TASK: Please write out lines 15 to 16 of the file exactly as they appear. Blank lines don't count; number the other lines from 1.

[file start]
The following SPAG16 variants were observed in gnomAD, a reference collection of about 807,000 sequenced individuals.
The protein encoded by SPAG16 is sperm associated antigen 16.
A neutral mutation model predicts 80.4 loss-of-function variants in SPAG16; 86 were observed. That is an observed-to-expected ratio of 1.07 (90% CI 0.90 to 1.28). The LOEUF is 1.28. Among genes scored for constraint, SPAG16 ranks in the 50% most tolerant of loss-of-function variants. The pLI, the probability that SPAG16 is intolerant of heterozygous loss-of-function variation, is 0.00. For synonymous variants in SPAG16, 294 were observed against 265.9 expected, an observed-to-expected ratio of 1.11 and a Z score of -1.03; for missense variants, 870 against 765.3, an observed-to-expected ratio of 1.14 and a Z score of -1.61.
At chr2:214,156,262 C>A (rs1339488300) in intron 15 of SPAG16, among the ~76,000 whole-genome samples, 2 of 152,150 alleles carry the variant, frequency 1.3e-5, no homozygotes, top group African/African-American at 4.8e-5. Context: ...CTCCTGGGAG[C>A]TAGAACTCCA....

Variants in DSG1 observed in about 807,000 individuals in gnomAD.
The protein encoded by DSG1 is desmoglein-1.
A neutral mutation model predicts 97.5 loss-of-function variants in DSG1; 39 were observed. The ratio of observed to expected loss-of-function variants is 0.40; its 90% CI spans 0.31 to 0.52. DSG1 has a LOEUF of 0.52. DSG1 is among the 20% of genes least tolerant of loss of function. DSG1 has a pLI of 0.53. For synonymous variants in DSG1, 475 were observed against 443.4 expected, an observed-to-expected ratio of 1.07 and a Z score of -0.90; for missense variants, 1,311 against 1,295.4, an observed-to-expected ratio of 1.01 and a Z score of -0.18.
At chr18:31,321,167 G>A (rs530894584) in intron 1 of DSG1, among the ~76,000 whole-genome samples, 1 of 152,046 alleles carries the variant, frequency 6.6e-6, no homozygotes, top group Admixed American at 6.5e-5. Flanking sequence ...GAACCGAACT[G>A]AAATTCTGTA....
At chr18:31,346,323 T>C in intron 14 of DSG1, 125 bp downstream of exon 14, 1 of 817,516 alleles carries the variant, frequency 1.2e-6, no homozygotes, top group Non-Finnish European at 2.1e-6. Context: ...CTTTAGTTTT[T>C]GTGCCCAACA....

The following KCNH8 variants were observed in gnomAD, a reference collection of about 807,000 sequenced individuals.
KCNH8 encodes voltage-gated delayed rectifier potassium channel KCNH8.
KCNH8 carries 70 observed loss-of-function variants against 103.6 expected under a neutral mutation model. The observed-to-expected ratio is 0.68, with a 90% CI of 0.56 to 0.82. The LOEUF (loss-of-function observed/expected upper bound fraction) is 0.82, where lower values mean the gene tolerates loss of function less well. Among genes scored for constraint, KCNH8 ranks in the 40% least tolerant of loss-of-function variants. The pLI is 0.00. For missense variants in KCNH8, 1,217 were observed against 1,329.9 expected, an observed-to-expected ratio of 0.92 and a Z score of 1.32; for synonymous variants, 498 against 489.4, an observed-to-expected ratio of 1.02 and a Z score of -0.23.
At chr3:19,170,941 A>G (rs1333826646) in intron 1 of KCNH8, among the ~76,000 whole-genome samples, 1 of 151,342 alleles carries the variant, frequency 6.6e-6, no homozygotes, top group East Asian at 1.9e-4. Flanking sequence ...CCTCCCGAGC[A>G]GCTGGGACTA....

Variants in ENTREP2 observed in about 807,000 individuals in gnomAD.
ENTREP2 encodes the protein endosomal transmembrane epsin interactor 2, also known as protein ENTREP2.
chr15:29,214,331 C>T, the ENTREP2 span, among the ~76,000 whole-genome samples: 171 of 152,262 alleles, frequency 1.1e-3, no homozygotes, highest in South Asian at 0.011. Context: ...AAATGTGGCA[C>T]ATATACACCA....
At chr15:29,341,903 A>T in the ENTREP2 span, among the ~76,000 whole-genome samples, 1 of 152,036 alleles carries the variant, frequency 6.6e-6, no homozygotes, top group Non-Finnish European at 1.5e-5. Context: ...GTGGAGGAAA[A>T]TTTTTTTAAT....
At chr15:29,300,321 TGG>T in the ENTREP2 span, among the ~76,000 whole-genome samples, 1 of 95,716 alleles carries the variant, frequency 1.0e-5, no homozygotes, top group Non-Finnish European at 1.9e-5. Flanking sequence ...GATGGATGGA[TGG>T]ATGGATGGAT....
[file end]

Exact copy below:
ENTREP2 encodes the protein endosomal transmembrane epsin interactor 2, also known as protein ENTREP2.
chr15:29,214,331 C>T, the ENTREP2 span, among the ~76,000 whole-genome samples: 171 of 152,262 alleles, frequency 1.1e-3, no homozygotes, highest in South Asian at 0.011. Context: ...AAATGTGGCA[C>T]ATATACACCA....